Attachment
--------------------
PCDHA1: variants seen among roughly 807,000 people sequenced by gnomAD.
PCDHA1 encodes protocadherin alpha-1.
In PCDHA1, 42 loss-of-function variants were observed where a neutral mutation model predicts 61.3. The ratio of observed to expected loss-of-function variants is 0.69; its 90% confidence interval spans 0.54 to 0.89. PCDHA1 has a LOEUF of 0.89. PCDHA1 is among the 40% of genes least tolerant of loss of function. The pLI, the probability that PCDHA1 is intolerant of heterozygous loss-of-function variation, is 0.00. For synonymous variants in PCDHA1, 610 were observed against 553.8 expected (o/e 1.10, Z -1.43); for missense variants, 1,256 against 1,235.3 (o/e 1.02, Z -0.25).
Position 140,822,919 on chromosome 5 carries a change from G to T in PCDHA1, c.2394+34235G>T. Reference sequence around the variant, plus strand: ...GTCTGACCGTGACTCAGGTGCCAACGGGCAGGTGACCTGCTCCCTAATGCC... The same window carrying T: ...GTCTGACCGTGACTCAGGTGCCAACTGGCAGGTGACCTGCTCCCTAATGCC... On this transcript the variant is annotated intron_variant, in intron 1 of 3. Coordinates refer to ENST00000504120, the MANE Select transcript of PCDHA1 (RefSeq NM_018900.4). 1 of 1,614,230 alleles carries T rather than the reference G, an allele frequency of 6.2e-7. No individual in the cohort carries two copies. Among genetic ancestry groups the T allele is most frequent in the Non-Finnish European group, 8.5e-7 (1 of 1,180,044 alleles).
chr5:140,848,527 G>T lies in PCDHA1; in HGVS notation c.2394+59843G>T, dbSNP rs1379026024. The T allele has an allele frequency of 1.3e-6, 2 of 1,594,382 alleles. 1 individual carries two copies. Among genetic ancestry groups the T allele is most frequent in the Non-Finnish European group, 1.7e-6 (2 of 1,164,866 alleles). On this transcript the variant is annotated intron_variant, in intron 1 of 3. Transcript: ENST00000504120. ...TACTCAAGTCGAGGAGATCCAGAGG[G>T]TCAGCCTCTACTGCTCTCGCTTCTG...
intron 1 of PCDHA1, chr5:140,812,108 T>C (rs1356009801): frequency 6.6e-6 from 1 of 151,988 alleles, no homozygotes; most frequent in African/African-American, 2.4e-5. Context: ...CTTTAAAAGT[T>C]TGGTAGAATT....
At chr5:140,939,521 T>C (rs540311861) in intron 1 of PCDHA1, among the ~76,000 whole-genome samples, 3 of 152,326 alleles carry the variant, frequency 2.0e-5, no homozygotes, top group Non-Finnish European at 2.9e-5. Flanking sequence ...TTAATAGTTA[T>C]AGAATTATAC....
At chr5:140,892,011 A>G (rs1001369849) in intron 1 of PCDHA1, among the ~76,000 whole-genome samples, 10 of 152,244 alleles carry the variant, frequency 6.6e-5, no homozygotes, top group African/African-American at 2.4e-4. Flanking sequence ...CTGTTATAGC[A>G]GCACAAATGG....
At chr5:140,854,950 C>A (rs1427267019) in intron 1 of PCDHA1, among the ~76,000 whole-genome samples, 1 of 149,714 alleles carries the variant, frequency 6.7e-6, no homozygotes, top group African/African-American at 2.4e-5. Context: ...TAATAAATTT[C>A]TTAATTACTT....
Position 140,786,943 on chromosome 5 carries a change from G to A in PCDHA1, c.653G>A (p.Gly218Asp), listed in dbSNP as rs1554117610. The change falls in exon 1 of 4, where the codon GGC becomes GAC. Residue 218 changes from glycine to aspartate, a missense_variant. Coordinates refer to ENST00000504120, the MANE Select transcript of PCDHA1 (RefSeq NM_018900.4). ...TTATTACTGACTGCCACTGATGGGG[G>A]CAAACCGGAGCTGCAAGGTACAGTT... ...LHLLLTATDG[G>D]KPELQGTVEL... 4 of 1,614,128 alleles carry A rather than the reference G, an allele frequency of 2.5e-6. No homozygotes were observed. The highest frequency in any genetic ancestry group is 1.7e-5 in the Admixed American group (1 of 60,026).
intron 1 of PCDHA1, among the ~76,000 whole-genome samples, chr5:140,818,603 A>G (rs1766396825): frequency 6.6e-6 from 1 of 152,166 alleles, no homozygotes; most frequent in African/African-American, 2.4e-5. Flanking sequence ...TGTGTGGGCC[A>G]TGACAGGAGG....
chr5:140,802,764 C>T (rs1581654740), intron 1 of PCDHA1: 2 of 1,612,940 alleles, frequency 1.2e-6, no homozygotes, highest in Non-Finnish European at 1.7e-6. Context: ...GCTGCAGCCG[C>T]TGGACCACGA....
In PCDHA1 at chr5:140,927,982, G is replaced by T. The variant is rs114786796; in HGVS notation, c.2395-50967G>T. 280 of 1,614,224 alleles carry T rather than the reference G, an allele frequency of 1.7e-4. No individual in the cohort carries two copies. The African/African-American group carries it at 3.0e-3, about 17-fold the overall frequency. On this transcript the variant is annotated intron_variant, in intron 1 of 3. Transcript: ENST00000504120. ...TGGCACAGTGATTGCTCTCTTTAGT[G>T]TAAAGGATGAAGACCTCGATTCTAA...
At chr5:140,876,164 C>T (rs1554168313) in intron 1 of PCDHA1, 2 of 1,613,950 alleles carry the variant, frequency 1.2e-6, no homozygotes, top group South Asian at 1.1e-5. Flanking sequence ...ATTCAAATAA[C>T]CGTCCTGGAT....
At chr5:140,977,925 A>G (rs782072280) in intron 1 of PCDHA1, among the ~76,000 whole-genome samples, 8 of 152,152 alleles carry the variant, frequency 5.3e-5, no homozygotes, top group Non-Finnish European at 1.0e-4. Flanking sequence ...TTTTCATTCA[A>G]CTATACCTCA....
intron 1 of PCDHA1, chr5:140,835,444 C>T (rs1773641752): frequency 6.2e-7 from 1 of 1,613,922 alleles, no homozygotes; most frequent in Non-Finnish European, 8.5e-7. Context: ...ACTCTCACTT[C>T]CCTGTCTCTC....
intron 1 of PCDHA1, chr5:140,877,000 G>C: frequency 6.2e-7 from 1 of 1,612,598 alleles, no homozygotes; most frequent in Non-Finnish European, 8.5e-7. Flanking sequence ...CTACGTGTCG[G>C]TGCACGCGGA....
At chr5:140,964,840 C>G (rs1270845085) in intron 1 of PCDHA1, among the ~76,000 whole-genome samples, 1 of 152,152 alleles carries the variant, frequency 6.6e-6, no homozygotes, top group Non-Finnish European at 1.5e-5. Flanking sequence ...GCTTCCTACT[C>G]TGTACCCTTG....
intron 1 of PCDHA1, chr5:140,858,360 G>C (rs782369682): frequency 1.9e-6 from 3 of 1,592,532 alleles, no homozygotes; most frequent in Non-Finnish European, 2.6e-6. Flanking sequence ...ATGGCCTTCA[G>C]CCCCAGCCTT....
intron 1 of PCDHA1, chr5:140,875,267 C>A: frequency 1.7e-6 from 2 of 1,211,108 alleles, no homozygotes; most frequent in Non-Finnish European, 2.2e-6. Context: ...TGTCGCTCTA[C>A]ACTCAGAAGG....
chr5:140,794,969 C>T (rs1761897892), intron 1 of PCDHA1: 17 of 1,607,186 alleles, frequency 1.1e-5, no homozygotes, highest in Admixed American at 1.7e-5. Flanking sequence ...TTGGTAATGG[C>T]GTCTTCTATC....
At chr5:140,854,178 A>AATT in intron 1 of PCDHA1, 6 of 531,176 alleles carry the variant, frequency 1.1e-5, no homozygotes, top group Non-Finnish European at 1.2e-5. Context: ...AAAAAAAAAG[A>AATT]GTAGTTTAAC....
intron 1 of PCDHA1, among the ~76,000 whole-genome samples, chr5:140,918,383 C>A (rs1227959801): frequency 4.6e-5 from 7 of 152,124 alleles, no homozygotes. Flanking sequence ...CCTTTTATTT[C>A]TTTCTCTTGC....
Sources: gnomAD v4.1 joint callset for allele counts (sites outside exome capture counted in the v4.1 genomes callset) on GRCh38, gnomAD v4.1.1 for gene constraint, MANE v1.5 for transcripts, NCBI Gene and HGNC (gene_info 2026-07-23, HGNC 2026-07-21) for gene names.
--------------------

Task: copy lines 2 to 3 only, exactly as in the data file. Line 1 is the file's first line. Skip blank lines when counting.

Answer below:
PCDHA1 encodes protocadherin alpha-1.
In PCDHA1, 42 loss-of-function variants were observed where a neutral mutation model predicts 61.3. The ratio of observed to expected loss-of-function variants is 0.69; its 90% confidence interval spans 0.54 to 0.89. PCDHA1 has a LOEUF of 0.89. PCDHA1 is among the 40% of genes least tolerant of loss of function. The pLI, the probability that PCDHA1 is intolerant of heterozygous loss-of-function variation, is 0.00. For synonymous variants in PCDHA1, 610 were observed against 553.8 expected (o/e 1.10, Z -1.43); for missense variants, 1,256 against 1,235.3 (o/e 1.02, Z -0.25).